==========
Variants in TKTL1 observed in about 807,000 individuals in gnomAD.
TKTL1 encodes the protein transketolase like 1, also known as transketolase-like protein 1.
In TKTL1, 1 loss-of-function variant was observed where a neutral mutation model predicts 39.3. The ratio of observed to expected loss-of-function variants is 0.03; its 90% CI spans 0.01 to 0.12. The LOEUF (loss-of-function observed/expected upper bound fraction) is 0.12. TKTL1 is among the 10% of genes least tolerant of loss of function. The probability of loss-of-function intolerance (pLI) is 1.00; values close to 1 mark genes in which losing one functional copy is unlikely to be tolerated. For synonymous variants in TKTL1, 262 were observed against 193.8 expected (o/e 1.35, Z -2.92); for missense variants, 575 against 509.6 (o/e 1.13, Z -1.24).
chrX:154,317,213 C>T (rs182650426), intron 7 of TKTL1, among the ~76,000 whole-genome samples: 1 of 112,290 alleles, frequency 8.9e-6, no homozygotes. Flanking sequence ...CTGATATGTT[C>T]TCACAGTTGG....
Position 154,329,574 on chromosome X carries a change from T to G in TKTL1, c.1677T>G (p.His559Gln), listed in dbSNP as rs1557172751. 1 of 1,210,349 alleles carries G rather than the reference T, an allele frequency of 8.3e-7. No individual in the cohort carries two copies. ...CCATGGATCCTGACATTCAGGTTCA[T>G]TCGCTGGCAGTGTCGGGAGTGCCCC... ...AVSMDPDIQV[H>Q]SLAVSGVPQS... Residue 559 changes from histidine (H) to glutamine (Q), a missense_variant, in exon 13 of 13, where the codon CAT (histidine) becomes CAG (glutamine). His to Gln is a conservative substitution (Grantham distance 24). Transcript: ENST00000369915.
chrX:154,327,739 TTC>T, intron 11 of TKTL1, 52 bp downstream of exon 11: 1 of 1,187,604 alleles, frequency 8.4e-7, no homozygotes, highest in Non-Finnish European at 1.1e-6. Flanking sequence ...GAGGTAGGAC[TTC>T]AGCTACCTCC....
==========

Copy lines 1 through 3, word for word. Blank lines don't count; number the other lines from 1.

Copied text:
Variants in TKTL1 observed in about 807,000 individuals in gnomAD.
TKTL1 encodes the protein transketolase like 1, also known as transketolase-like protein 1.
In TKTL1, 1 loss-of-function variant was observed where a neutral mutation model predicts 39.3. The ratio of observed to expected loss-of-function variants is 0.03; its 90% CI spans 0.01 to 0.12. The LOEUF (loss-of-function observed/expected upper bound fraction) is 0.12. TKTL1 is among the 10% of genes least tolerant of loss of function. The probability of loss-of-function intolerance (pLI) is 1.00; values close to 1 mark genes in which losing one functional copy is unlikely to be tolerated. For synonymous variants in TKTL1, 262 were observed against 193.8 expected (o/e 1.35, Z -2.92); for missense variants, 575 against 509.6 (o/e 1.13, Z -1.24).